Bruce B. Brugmann, editor and publisher of the alternative San Francisco Bay Guardian, said he had no idea why his paper was on Bullock's list.
"I guess they put us in the |Pinko' class," he commented jokingly.
Police said Bullock and Gerard used data bases divided into five categories: Arab, Pinko, Right, Skins and ANC, the latter standing for the African National Congress.
Roth said police also found in ADL's San Francisco offices a manila folder labeled "Operation Eavesdrop" containing Bullock's computer data.
In its statement, the ADL denounced reports of its alleged spying as "distorted and misleading."
The statement acknowledges that Bullock has been an "independent contractor" for the ADL, but added that it has "absolutely no knowledge or involvement" with any surveillance activity by Gerard or that it has acted as a conduit to any foreign government.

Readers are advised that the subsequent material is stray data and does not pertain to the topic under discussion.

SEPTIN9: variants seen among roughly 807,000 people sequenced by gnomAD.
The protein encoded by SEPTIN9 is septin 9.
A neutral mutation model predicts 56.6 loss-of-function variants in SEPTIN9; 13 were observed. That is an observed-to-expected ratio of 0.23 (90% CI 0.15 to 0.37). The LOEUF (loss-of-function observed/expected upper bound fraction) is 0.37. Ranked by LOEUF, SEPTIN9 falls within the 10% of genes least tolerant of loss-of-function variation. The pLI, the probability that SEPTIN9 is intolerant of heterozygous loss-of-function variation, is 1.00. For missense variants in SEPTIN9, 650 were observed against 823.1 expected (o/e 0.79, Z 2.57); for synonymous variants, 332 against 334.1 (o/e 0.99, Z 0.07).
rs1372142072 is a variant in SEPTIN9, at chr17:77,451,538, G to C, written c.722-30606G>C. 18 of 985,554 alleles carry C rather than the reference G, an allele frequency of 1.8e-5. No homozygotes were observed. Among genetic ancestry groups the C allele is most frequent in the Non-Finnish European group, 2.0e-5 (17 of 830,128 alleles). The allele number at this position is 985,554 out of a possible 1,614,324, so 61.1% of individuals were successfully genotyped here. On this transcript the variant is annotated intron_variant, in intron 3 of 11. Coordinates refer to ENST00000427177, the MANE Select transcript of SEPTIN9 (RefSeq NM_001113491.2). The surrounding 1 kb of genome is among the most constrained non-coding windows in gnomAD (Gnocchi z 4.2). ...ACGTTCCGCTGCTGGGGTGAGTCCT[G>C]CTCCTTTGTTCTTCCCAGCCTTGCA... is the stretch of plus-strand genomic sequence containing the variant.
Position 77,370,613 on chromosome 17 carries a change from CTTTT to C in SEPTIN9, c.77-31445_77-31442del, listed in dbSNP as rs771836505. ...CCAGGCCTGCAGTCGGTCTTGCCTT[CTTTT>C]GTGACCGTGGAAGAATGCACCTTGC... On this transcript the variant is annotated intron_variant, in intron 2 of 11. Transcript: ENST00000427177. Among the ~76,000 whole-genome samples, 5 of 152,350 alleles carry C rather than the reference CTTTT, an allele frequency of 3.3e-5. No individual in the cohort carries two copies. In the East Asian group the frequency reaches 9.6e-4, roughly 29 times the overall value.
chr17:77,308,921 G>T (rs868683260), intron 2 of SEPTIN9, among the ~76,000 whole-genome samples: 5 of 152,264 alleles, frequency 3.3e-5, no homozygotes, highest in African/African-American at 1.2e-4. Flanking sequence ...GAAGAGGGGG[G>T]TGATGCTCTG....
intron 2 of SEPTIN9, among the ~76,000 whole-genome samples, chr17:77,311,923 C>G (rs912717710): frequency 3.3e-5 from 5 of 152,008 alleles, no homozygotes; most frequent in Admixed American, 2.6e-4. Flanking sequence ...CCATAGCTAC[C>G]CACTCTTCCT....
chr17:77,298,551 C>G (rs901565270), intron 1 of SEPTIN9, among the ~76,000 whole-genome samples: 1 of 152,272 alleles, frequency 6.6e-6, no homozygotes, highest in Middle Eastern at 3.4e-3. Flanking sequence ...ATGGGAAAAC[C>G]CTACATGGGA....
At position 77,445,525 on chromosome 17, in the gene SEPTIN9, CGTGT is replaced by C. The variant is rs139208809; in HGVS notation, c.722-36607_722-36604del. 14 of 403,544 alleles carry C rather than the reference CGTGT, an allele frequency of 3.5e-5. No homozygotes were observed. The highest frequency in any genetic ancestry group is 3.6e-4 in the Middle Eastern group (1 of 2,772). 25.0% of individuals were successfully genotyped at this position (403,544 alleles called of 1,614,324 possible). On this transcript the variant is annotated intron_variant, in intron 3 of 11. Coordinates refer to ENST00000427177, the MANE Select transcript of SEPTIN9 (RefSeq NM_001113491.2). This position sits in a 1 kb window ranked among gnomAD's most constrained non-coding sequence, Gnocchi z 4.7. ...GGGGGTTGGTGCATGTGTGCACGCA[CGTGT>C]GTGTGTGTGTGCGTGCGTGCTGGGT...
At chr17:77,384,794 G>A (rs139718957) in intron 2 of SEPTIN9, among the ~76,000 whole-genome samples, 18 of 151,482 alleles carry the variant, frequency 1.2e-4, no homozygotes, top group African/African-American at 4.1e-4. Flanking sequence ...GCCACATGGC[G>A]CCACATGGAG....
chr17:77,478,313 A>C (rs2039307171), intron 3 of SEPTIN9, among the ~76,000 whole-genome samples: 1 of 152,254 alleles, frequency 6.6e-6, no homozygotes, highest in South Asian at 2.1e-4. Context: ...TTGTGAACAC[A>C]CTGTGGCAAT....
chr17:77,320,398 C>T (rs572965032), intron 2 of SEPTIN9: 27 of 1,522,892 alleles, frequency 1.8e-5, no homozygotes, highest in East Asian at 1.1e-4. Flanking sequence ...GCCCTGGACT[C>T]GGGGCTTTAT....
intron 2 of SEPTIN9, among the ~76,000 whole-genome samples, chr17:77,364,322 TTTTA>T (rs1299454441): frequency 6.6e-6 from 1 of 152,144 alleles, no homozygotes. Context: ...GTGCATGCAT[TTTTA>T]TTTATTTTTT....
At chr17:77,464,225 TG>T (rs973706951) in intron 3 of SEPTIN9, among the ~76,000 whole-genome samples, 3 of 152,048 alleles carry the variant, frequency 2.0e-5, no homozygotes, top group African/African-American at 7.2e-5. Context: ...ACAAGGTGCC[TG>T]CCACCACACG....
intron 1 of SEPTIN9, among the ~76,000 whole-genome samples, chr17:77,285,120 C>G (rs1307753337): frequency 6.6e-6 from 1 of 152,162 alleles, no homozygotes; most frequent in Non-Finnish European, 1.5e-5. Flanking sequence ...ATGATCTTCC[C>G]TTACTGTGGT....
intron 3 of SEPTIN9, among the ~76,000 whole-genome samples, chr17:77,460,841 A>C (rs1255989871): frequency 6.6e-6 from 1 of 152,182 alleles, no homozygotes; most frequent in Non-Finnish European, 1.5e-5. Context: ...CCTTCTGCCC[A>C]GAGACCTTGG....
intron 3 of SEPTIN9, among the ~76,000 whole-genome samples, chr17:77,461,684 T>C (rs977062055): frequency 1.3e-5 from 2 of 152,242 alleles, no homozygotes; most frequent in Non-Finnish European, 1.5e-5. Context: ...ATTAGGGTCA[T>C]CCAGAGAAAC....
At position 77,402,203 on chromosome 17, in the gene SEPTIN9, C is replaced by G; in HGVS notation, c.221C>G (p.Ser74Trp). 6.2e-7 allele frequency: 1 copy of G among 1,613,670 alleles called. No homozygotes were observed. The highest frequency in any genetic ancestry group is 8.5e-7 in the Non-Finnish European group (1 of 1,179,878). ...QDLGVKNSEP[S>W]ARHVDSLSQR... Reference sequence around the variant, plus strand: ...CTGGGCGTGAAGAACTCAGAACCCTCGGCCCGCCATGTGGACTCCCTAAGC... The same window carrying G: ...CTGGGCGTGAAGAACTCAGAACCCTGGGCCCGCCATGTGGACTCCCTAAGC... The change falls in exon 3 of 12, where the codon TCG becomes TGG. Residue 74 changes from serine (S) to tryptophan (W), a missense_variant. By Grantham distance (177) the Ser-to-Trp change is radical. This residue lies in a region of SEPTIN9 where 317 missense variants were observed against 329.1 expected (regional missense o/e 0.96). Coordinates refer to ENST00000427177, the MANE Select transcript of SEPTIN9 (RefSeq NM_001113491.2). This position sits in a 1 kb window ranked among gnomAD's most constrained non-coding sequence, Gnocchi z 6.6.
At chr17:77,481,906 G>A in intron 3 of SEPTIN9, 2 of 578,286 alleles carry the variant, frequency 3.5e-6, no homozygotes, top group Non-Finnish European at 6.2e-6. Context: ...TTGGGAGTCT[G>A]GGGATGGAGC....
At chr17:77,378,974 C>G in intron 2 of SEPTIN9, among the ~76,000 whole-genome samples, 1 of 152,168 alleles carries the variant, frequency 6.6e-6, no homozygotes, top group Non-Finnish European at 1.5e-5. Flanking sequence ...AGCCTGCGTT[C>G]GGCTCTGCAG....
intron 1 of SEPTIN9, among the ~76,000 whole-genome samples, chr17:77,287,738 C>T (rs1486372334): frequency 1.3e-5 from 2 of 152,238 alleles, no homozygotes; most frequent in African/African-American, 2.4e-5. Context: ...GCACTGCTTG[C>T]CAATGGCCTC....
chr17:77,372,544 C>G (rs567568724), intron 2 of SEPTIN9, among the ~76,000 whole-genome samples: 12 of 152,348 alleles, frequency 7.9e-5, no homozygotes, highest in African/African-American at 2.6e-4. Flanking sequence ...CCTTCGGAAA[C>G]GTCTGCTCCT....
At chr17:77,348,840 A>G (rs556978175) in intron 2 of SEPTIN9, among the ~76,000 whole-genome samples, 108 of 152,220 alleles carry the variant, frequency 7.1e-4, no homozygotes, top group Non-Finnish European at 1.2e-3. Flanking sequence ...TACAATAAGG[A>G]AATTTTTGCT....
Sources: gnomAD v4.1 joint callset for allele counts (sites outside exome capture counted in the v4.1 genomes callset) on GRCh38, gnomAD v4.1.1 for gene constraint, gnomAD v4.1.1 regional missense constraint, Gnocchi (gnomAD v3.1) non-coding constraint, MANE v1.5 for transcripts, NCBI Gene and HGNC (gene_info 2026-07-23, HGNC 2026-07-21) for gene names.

Salberg and Foxman further denied ADL has ever targeted such groups as the NAACP, Greenpeace, the Bay Guardian and the Asian Law Caucus.
They said the "vast majority" of ADL files are news clips, magazine articles, books, journals and other documents published by various organizations.
"To monitor haters," the statement declared, "ADL has used a variety of techniques, mostly public and open. But many extremist groups are secretive and dangerous and it has been necessary at times to use individuals who have had to engage in undercover work in order to find out the truth about these groups."